Model CGH21240F is a GaN HEMT from Cree designed for high-power use in fourth-generation (4G) cellular communications base-station amplifiers. The unmatched device can be optimized for use from 1800 to 2300 MHz and can generate as much as 240 W output power. When operating with the modulated signals of LTE and WiMAX systems, the device can provide 40 W average power with 33-percent efficiency. It offers 15.1-dB gain at 2.2 GHz and is supplied in a ceramic/metal flange-mount package. It is designed for +28-VDC supply voltage and can achieve 65 percent drain efficiency running in pulsed operation.

Because of the challenges of properly dissipating heat from such a small heat source as a transistor, GaN pioneer Nitronex aimed at achieving low device thermal resistance in its latest generation of GaN transistors. Last year, the firm announced model NPT1010, a +28-VDC GaN HEMT that can be impedance matched for use from DC to 2 GHz. It is capable of 100 W output power at 900 MHz when operating at 3-dB compression, and delivers typical small-signal gain of 19.7 dB with drain efficiency of typically 64 percent. The GaN HEMT exhibits a thermal resistance of 1.4C/W to aid in thermal management at high power levels.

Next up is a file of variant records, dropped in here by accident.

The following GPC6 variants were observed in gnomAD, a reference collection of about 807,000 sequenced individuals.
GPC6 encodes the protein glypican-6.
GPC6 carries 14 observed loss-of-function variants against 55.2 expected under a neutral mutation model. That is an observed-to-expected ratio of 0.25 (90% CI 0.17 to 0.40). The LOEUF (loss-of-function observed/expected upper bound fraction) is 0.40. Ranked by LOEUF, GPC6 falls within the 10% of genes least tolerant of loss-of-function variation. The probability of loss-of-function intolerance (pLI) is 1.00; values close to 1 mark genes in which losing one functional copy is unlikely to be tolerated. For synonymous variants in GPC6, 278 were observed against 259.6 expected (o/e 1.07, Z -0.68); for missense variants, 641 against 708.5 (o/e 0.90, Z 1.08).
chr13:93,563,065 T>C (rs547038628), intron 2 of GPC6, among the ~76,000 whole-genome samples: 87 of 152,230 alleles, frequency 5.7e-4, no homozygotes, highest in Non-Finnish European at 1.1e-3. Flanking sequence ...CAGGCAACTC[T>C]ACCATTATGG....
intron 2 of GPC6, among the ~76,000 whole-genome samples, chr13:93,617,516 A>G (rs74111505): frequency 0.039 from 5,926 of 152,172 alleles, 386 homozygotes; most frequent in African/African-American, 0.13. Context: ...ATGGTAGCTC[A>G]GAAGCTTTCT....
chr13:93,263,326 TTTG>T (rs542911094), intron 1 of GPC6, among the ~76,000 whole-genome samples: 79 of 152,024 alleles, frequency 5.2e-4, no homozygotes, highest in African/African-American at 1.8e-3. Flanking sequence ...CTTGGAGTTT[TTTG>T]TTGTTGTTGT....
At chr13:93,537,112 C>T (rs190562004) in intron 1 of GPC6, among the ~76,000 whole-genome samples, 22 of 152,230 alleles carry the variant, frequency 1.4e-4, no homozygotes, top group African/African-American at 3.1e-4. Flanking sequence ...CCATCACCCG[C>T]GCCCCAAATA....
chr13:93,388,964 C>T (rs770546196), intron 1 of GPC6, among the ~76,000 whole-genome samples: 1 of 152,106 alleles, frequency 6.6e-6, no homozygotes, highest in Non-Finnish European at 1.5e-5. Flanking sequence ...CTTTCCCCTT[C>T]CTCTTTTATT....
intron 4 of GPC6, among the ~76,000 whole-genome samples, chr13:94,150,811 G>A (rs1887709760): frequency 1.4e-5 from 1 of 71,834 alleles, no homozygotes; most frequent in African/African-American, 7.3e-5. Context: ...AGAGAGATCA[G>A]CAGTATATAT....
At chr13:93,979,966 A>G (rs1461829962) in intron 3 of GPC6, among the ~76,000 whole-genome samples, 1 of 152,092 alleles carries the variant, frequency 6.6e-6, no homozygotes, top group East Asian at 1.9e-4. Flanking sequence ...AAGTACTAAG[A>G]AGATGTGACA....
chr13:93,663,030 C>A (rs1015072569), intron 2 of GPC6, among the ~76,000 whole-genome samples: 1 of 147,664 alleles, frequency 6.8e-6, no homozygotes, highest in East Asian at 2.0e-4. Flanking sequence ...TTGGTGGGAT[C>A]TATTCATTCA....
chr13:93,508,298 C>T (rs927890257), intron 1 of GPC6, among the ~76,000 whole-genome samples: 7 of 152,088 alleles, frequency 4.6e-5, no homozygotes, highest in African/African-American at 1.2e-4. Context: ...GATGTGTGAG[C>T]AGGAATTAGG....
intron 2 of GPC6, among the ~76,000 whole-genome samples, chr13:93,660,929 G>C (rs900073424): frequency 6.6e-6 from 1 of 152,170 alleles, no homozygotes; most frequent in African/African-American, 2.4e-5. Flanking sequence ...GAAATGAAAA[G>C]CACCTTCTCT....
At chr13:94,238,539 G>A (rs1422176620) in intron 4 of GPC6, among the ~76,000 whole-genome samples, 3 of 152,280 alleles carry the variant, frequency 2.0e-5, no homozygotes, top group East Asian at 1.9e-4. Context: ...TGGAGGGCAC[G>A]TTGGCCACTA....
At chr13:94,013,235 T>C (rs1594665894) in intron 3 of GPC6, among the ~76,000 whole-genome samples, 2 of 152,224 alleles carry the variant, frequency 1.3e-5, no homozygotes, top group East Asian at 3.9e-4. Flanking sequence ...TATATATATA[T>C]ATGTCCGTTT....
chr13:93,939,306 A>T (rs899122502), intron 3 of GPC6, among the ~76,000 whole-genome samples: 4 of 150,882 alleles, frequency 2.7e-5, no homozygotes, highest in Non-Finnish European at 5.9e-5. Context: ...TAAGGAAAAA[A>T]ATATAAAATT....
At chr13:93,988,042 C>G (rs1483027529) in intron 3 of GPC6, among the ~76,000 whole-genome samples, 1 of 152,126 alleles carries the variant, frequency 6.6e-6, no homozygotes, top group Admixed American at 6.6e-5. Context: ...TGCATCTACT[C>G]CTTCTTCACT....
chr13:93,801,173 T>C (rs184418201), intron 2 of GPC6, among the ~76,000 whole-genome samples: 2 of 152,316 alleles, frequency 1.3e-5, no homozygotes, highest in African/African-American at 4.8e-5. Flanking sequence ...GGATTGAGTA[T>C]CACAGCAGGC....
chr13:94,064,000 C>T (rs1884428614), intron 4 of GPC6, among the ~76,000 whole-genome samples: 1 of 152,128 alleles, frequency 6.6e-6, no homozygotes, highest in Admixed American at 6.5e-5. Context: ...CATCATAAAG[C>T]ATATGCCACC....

Regarding the company's new generation of GaN devices, Ray Crampton, Vice-President of Engineering, has this to say: "We focused our efforts on reducing thermal rise and developed a complete plan to attack all the key factors: FET design, die thickness, die attach methods, and package materials. We recognized early on that the contribution of the substrate is secondary to the contribution of other factors, particularly the FET design. By combining improvements from several areas, we achieved a 22-percent improvement in thermals compared to our last generation products."